And then there were two. It’s official, folks, Yahoo is out of the search engine battle and now it’s all down to Microsoft vs Google.
On Wednesday, MS and Yahoo announced a search partnership as reported earlier
, where Yahoo’s search engine will be powered by Bing while the company still gets a large share of the ad revenues. And it saves on all the massive costs of maintaining and developing a search engine and its servers.
Bing, on the other hand, gets access to one of the largest user databases on the Web, given that Yahoo is still one of the biggest online entities and has a huge loyal fanbase. For a new search engine, this deal is nothing less than striking gold.
“Users will continue to experience search as a vital part of their Yahoo! experiences and will enjoy increased innovation thanks to the scale and resources this deal provides,” said Yahoo CEO Carol Bartz.
“Success in search requires both innovation and scale. With our new Bing search platform, we’ve created breakthrough innovation and features. This agreement with Yahoo! will provide the scale we need to deliver even more rapid advances in relevancy and usefulness,” noted Steve Ballmer, Microsoft CEO.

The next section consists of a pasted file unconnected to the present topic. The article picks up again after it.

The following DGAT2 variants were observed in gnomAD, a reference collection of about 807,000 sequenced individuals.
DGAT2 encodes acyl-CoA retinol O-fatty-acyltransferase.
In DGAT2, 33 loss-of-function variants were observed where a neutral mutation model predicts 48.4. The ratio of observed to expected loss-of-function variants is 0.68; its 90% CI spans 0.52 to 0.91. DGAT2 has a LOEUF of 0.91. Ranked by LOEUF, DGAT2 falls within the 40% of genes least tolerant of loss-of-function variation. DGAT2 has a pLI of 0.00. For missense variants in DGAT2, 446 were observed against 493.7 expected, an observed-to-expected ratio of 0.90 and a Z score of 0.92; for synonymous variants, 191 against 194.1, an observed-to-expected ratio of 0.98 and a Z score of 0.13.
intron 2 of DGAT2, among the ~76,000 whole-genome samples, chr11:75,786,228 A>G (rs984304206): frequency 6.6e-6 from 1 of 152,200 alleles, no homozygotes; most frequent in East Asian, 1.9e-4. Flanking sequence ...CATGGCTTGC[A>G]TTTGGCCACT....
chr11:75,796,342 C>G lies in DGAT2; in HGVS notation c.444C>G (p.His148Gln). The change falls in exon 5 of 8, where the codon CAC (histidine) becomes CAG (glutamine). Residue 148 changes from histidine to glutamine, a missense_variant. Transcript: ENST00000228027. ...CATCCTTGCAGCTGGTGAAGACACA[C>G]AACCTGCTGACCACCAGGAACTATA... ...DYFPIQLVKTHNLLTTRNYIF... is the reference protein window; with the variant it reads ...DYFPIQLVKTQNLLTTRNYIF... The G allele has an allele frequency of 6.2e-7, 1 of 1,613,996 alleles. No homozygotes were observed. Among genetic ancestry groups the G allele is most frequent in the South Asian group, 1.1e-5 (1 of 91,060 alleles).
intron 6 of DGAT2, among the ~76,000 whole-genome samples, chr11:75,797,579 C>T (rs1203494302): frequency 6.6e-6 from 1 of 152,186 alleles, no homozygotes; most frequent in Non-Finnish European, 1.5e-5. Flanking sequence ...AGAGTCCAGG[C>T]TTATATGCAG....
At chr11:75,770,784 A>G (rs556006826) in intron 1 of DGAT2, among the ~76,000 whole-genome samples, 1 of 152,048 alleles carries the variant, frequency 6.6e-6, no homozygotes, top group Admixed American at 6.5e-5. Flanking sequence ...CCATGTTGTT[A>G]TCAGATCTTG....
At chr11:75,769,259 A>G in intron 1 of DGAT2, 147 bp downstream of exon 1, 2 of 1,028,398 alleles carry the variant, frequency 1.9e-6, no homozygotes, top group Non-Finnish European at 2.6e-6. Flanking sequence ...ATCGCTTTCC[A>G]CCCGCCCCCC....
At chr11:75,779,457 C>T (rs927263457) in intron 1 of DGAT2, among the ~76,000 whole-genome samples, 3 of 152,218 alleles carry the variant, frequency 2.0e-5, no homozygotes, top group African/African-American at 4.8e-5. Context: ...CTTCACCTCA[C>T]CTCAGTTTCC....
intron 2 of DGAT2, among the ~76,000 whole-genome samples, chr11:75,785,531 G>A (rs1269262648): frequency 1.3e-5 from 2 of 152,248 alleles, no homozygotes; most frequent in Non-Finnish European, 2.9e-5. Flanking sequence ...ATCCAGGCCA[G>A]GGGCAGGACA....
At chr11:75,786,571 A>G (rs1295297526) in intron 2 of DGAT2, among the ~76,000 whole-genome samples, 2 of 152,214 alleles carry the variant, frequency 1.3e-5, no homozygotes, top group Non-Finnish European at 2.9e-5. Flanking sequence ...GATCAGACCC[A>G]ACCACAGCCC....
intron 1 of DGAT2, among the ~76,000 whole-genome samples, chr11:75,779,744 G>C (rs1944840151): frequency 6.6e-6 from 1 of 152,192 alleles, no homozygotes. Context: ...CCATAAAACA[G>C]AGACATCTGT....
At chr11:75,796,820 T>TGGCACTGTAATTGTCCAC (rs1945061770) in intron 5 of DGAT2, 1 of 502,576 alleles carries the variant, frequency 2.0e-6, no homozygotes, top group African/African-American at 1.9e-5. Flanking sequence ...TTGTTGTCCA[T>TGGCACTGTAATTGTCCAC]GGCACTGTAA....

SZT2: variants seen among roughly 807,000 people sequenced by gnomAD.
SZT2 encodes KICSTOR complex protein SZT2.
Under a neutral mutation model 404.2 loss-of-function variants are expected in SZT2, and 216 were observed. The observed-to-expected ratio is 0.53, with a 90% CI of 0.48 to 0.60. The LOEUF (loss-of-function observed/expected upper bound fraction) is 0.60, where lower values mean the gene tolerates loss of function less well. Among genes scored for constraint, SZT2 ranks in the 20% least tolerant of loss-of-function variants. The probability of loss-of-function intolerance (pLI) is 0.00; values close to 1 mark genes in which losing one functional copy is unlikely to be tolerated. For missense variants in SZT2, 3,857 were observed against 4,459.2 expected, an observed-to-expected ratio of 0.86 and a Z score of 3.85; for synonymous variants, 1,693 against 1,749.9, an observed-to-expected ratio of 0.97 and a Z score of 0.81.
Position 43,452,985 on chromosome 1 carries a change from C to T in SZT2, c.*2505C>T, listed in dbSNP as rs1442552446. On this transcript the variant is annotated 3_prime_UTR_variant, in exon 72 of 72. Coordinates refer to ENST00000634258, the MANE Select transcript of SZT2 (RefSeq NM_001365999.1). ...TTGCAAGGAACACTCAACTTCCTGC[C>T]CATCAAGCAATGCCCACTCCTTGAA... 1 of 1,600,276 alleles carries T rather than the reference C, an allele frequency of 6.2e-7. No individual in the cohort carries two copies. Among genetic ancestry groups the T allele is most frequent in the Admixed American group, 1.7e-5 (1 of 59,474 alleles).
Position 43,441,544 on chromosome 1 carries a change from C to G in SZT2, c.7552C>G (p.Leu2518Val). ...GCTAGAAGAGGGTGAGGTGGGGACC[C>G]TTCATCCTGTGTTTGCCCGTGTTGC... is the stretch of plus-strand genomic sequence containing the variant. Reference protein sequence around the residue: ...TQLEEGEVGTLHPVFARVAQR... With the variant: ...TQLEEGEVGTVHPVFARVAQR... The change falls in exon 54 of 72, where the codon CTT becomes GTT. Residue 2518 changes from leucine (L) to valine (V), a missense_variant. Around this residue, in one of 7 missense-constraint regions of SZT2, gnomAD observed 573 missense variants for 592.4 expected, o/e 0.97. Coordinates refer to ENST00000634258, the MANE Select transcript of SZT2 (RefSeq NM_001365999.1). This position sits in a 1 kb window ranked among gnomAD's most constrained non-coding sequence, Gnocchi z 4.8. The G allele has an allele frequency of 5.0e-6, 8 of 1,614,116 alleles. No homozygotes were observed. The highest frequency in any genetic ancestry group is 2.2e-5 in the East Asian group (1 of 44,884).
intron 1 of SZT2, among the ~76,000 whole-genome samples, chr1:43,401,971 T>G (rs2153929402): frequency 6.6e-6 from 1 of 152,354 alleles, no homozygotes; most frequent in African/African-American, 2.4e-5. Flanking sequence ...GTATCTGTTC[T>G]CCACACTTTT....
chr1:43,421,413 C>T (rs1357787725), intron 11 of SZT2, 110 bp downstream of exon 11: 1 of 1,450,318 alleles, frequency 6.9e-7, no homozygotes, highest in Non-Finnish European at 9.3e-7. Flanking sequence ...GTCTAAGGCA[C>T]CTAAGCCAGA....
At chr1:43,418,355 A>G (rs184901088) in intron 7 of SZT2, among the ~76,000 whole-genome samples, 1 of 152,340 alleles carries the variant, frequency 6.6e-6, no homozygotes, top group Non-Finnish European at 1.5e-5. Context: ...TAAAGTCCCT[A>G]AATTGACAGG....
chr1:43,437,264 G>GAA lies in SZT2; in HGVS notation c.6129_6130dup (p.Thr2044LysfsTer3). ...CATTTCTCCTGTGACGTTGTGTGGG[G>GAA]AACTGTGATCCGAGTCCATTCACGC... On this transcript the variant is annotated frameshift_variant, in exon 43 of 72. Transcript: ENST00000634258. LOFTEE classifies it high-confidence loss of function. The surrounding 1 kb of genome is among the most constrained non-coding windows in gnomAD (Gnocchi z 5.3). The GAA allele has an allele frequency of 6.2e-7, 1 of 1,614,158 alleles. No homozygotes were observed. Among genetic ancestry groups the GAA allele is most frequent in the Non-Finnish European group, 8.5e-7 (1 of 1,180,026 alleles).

Yahoo CEO Carol Bartz (left) and Microsoft CEO Steve
Ballmer sign a mock deal at Yahoo headquarters
The actual nitty-gritties of the deal are really not that interesting to most of us as they talk about the amount of share that the two companies get, what kind of ratio the monetary split will be, etc. The one big item was the period of the deal: 10 years.
Essentially, Microsoft could get all the data it needs and kick Yahoo out of the equation in this period. It’s the ominous ring of the death bell, and the rejection of MS’ initial offer to buy them out is now sounding like a fatal step for Yahoo.
With the two companies combined, they now control about 30% of the online search business, while Google remains the dominant player with around 65% of the share. The MS-Yahoo deal actually throws up a valid competitor to Google – something that generally works in the favour of consumers as the two parties try to outdo each other.